Hospital shifts strategy to build - not buy - mHealth apps

An increasing demand for mobile medical applications is prompting at least one New York hospital to revert its software strategy from buying to in-house development, according to an InformationWeek report.

"I think what we're facing now is different," New York-Presbyterian Hospital CIO Aurelia Boyer told InformationWeek, describing on-the-shelf mHealth apps as "pretty primitive.

"The most obvious driver of that is that the way consumers use their phones is so different," she said. The push to implement mobile technologies is primarily consumer driven as patients, caregivers and healthcare workers are getting greater insight each day on how mobile tools can improve quality of care and drive efficiency, Boyer said.

The computing realm should be "just like my iPhone, where there are lots of little apps I can open up and use for different things," Boyer added. "Our vendors are not going to get there fast enough for us."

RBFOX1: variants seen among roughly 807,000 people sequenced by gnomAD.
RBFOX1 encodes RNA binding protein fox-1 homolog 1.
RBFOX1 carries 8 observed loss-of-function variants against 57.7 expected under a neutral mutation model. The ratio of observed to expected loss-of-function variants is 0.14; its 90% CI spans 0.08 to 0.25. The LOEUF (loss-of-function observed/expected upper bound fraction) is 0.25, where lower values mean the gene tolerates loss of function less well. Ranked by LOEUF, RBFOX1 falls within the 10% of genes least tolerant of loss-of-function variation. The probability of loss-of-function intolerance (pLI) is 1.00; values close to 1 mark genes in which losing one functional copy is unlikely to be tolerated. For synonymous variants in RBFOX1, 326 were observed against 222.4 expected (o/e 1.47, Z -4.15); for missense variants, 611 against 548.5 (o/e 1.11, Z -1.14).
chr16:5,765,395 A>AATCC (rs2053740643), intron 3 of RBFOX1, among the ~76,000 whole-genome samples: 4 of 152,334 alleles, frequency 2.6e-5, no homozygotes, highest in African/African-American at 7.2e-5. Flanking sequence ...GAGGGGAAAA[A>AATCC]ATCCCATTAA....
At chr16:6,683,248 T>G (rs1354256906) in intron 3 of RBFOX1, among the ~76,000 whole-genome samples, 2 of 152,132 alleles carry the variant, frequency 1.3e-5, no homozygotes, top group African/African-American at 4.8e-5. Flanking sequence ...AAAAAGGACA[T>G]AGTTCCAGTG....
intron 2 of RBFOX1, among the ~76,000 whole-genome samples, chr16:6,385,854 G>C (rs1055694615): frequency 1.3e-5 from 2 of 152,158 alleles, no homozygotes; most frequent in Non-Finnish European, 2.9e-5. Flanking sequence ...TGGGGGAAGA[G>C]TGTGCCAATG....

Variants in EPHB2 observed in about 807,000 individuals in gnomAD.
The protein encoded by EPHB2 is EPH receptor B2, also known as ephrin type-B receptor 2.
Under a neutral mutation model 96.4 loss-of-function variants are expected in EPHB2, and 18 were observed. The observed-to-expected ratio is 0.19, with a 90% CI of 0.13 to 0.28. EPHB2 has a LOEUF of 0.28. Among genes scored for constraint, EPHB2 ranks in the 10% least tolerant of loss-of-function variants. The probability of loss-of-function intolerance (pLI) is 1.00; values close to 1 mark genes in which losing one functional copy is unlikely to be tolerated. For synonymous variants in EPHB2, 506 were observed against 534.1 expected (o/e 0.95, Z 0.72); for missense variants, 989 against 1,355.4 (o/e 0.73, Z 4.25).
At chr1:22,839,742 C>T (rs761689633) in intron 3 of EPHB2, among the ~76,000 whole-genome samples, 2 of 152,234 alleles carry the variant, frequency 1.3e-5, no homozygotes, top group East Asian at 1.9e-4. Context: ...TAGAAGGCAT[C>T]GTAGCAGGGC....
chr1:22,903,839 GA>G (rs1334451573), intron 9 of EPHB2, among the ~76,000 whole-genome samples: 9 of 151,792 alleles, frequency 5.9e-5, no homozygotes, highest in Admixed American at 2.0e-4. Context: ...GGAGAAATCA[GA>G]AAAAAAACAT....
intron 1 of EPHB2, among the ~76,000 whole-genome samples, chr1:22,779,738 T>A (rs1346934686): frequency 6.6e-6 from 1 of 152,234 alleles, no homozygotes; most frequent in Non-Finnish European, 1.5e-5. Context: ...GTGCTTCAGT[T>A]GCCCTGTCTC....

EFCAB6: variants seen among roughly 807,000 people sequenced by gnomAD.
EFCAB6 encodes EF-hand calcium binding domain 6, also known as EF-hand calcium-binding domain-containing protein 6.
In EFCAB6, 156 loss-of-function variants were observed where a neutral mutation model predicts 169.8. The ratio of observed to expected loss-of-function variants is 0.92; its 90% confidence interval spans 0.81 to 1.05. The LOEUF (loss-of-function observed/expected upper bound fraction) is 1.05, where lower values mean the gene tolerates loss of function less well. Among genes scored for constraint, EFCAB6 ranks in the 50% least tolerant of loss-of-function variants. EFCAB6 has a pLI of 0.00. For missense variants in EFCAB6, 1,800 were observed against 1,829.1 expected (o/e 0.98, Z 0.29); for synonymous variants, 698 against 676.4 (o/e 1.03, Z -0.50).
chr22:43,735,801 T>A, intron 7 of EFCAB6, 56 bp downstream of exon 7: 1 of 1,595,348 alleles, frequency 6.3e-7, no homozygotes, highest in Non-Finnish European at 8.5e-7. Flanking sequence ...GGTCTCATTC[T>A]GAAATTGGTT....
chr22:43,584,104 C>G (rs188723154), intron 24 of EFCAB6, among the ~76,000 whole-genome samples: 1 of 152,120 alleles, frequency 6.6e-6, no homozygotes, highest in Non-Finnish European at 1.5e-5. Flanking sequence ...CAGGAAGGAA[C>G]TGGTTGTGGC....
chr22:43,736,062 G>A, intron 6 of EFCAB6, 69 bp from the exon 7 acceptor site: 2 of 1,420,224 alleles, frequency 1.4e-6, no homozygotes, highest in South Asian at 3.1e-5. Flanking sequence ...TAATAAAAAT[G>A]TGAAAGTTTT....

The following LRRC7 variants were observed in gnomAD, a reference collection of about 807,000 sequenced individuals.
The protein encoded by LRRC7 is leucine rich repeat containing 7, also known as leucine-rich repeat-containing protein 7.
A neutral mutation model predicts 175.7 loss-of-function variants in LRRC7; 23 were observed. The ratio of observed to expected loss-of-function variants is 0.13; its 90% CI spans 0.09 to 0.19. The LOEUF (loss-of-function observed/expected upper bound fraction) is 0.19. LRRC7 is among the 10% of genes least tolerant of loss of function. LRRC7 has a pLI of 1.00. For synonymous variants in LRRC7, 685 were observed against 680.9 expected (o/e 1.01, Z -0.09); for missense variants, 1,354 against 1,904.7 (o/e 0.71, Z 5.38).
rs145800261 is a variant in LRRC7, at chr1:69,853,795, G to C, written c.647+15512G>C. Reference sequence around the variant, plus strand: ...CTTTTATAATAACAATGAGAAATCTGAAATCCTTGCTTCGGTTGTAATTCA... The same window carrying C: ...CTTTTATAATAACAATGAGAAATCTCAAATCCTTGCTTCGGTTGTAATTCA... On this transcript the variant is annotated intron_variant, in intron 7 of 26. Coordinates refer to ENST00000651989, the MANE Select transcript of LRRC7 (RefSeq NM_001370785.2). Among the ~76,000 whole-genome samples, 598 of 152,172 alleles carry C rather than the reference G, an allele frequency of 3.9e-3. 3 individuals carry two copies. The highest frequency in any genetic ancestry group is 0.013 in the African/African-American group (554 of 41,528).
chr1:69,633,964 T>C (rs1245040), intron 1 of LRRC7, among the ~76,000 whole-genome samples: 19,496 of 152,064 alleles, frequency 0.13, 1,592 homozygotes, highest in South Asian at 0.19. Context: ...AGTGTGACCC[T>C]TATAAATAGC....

As FierceMobileHealthcare reported in November, some industry watchers view mobile healthcare app developers as behind the eight ball in delivering on the promise of mHealth tech and must stop creating "pet rock" software and devices that don't help patients or providers. For instance, consumer J.C. Herz recently contended in a Wired column that apps are not being created to help the chronically ill, elderly or the poor, all of whom would benefit most. Instead, Herz said, developers are "developing marginally useful apps and gadgets for people just like themselves."

New York-Presbyterian isn't the only provider taking a proactive approach to mHealth app creation. At Boston Children's Hospital, an app that works as a patient portal is being used with parents in mind to help them better manage the care of their children. What's more, the Perelman School of Medicine at the University of Pennsylvania is testing an app that brings real-time clinical data to caregivers.

One of the initial software efforts at New York-Presbyterian focused on switching out the nurse call button in surgical units for a tablet computer app, which enhanced patient communications with staff, according to InformationWeek.

"We're thinking about workflow issues in the hospital, ways we can save time or move things along," Boyer told InformationWeek. "If patients get their pain med faster, that's significant."

For more information:
- read the InformationWeek article

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